Buggy Code on Production, Survived

In a life cycle of a project, you come across different situations, you may or you may not overcome these both mentally and physically. Luckily, we have survived through this life cycle with “buggy” code. However, we may not overcome for the next time. Thus, I want to share my experiences over things we have done right and things we have done wrong. I do not want to go in detail but I want to focus on overall picture.  Below, I will share both right and wrong parts.

What we have done right? We used scrum as our agile methodology. Accordingly, we had daily meetings and discussing sessions. In these sessions, we tried to overcome difficult problems and made brain storming. Outcome of those sessions were always testing. As a result, we have written many test(black box test) to verify overall system working correctly. These are the some good things we have done.

What we have done wrong? We did not end the scrum session on time. They always become longer than 5 minute and they rather become design sessions. Moreover, design sessions we had were not that good since whole team did not participate. What is worse, team members did not want to listen. They rather avoided listening and suggested their own solutions. I guess, we all should have respect to the other developers since they can somehow improve application. If you do not believe s/he can improve, s/he should not be on your team.

The worst part of what we have done is testing. We did not write many unit tests and we believed in ourselves so much that we thought we do not need tests. What was the outcome? It was simply disaster, we could not figure out where the bug is. Code become more complex than ever. At the end, we went mad and tried to find solutions day and night. We all got very tired and we did write more buggy code. The more time passed, the more furious we become. At the end, we became code monsters.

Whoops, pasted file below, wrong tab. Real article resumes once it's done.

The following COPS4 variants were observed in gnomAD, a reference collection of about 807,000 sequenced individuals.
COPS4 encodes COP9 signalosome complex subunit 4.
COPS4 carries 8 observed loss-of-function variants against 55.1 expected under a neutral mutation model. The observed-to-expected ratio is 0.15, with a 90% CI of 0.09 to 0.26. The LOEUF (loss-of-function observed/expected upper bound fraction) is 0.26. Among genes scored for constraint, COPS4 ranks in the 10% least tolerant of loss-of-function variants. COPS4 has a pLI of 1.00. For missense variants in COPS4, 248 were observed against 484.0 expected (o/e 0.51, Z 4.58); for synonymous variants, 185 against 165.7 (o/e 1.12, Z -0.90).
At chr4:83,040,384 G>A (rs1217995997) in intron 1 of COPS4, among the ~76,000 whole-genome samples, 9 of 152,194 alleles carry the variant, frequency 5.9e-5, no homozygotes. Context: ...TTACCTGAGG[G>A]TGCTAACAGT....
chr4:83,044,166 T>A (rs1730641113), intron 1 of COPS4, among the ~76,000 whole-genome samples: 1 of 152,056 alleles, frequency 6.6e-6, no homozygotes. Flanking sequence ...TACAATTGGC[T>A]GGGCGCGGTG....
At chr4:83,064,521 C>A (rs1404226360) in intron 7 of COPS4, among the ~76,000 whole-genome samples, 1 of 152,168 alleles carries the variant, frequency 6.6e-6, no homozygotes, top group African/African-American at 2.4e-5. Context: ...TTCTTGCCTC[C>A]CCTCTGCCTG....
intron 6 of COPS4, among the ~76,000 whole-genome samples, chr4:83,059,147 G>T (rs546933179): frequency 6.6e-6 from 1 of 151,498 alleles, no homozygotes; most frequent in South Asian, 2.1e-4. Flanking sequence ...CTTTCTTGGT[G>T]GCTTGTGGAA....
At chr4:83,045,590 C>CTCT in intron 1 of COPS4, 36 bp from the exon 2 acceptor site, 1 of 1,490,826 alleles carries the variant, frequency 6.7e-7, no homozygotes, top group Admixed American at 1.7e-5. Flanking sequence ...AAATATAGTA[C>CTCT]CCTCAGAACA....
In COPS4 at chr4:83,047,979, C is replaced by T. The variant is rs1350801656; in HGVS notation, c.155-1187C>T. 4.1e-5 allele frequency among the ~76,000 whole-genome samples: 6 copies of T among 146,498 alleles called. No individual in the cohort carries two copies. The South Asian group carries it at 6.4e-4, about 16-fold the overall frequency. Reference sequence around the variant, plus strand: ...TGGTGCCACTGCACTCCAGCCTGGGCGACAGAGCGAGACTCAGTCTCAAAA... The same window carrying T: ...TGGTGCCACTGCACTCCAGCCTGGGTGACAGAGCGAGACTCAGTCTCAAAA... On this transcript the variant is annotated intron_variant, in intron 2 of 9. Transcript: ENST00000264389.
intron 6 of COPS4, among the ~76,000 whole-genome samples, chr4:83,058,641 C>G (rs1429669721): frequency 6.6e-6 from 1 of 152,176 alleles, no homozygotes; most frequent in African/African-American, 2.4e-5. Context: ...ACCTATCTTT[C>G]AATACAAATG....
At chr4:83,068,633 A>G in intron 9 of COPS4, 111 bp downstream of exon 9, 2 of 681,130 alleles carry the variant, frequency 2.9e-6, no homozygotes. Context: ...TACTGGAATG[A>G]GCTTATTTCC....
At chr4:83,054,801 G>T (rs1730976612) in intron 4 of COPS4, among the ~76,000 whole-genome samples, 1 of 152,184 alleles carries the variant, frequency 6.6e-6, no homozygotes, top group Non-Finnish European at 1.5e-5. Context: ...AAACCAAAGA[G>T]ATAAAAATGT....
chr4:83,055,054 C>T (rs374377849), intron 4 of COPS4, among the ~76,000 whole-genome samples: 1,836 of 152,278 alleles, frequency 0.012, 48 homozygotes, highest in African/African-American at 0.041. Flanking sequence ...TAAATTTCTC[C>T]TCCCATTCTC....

Regardless of the bad situation, we luckily achieved to survive. I said luckily because we found the bugs on time; however, we may not be lucky again. Moreover, our managers handled the bad situation perfectly although we missed the deadline one week. They did right things in the right time. Nevertheless, we have lots of spaghetti code which is neither understandable nor maintainable. At the end, I guess I have learned very much from this coding hell. Things I learned are being organized, writing testable code, designing each part and last but not the least being respectful.

To sum up, we may have tight deadlines, we may have difficulty in understanding each other and we may have difficult system to figure out but we should control ourselves and focus on what we are doing. Consequently, lessons are to be learned sometimes by reading and sometimes by experience, the important part is remembering them.

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3 Responses to “Buggy Code on Production, Survived”

  1. Serkan ÖZAL 04/18/2013 at 16:08 #

    guzel yazi

  2. Mert Caliskan 04/19/2013 at 13:20 #

    That’s the point when one solely realise the importance unit/integration testing, when project reaches its deadline, i.e. makes it out dead or alive :) seems like that it turned out good on your end, that’s what I heard at least:), and yeah designs tend to start to resemble with a ravioli dish but ends on to more look like a spaghetti dish. Things get inevitable if you don’t wire tests on top of the ‘living’ code. Mindset should be capable of handling that the project is a living creature as I emphasised, evolves from very beginning to the end, like literally nurturing an infant. If you blink or take your eyes off of him for one second, problems arise and things get messy. yeah sometimes total b.s. so being agile and applying XP could be lifesaver at these times of design/development/testing/whatever. Above all, being a team is what makes a project a success. We humans are not identical but that’s the greatest part IMO. Having the same clone in the team for ppl of 10, would be sooo boring for sure and creativity would be the bottleneck instead of the workforce.

  3. Barış BAL 04/30/2013 at 12:26 #

    Your next challenge is refactoring then!

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